Sunday, August 5, 2012

Zighy Bay: Rugged Relaxation in Oman

There are very few ways to beat the heat on the Arabian Peninsula during the summer. Once the weather turns the whole region is engulfed in a blanket of haze and oppressive heat. In a search for ways to keep cool and due for another adventure, we set off for a little weekend away at the Six Senses resort in Zighy Bay, Oman. The resort is hidden behind the gargantuan Hajar Mountains, on the little-known Musandam Peninsula on the northernmost tip of Oman just 2 hours from Dubai.

Any good road trip starts with a sweet ride, and luckily for us my love of millinery (and the resulting Best Hat honors) has given us the use of a Jaguar XK for the weekend. When she was dropped off, sporting a beautiful candy apple red finish, Matt was all smiles!

See it's worth it to support your wife's custom hat habit...
Once you arrive at the resort you have to switch to a 4x4 vehicle to traverse the mountains.  Sorry Jag, this road wasn't built for you.
With our transportation, and accommodations set we had one final decision to make, mode of arrival. The resort offers an overland transfer via 4x4, a speedboat ride, or the chance to paraglide in from the mountain tops down to the white sand beach.  I’ll let you guess which one Matt wanted to do…

After paragliding for the first time in Germany two years ago, Matt’s been desperate to do it again, and he’s been insisting that I give it a try.  I knew the more I thought about it the more terrified I would get, so I made the split second decision to just do it!
You want me to run off what?
As they suited me up in the harness, the Omani staff member told me that I must be scared because he could literally see my heart beating out of my chest.  My blood was pumping and my stomach was in knots, and the brief instructions – “when I tell you to run, just run off the cliff” – were not helping to ease my nerves.   I was told that once we were in the air I would then sit in the harness.  When the moment came, a mix of adrenaline and momentary confusion meant that I immediately popped into my harness leaving the instructor to run us both of the cliff!  Worked for me, but apparently this is not how to take off.

The instructor said that this was one of the best days for flying that he had seen in months.  If I was going to do it - it was now or never!

Once in the air the feeling was incredible.  Now I understand what those birds are always chirping about.  The chance to soar along the cliffs riding the thermals, while drifting with the sea breeze was once in a lifetime.  It is a moment of weightlessness and pure bliss (albeit mixed with continued nervousness). 
Matt was looking and feeling a lot more confident.
You definitely want the guy controlling the parachute to be smiling.
Walking on sunshine...
You can can definitely appreciate the scenery better with a birds-eye view!


Matt's an excellent camera man at 1,000 feet.
When we final got to the bottom there were only a few friends to greet us.  (Since when can goats climb trees?)
The Resort resembles in many ways a traditional Omani village, with narrow passages between the individual villas and palm shaded, sandy roads and is an almost car-free environment.  We really enjoyed our plunge pool which at 90 degrees was still 20 degrees cooler than the air.  Sunscreen required!

Until now, only a few fishermen and elders of the village have enjoyed its unspoilt beauty, kept safe from tourism and progress by unassailable mountains and hostile terrain. But the wonders of technology, all-terrain vehicles and the unstoppable search for the few remaining undiscovered corners of the world have aided in its discovery and cultivation.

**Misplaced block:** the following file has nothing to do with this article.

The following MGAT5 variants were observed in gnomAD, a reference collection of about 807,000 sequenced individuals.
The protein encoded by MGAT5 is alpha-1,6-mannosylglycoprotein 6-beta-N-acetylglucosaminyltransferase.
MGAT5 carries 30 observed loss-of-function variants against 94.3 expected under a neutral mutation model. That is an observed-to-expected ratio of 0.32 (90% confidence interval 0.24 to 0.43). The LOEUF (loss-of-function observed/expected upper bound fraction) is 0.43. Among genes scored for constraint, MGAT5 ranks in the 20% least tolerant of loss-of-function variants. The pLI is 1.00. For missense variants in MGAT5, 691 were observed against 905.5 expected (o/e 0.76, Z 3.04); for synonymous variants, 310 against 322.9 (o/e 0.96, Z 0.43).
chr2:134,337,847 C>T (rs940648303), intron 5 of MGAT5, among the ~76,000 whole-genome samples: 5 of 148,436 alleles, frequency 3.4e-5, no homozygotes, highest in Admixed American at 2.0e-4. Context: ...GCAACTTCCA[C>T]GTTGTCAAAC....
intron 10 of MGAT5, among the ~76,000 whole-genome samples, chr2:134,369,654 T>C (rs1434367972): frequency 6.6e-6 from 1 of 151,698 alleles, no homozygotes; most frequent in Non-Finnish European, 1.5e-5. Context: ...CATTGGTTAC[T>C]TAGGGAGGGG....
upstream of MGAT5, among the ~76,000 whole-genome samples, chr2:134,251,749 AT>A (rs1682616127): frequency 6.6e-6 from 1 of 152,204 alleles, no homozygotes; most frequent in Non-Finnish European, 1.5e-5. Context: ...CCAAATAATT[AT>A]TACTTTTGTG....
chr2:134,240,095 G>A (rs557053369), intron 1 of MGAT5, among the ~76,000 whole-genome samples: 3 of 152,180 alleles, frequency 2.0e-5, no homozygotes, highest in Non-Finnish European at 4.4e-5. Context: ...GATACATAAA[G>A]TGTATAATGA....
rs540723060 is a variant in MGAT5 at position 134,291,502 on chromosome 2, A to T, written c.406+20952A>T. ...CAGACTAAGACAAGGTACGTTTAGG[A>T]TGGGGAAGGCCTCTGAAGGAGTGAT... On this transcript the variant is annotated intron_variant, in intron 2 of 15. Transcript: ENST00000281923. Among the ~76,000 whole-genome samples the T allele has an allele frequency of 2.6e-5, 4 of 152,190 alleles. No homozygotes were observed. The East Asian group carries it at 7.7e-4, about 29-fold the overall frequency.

Until 30 years ago, the Musandam belonged to the Shihuh tribes who lived in scattered villages between the peaks. Once oil was discovered, the peninsula had to be allied to either the UAE or Oman, and the Shihuh opted to become Omani. Many were given homes in towns and now the only remaining inhabitants are lone Pakistani goatherds.

A sunset cruise was the perfect way to survey some of the surrounding environment.
The scenery was desolate, rugged and beautiful.

This limestone outcropping has been worn into a sea cave.
This is a picture of the sun...
...this is a picture of the moon.
We were treated to the most fantastic full moon.  Based on the blazing sun during the day, we got some fantastic light at night.
The water was fantastic, warm and clear - but the sand was sizzling!  We had to head to the pool to cool off from the beach!
An oasis in the desert.
Matt brought along some big boy toys and started photographing with some of the new camera lens optics I got him for Christmas.  I love this one of the dates hanging from the palm tree. 
All good things must come to an end, but we eased our pain with a wonderful send off dinner in our villa.

4 comments:

jimdad said...

Wow, you keep finding the most amazing places to visit (and modes of transportation).

'Can't wait for you to find some like this for us in Virginia!

Anonymous said...

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I have quiestion for u and I hope u answear :)

Im moving to Dubai next week and im wondering what is the legal age to drink alcohol there? Is it 21?
I dont drink alcohol but I like to go to clubs.. I like to meet people and dance and listening good music. So is there any place where 19years old can go? As I said I dont mind if I cant get alcohol but my friend can get who is 20... Confusing queations.

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Musandam Dibba said...

Musandam Dibba is a lovely place, i suggest everyone to come here on vocation peaceful place.

Khurram Baig said...

I feel strongly about it and love reading more on this topic. Your pictures have me really excited about the trip.
Musandam Dibba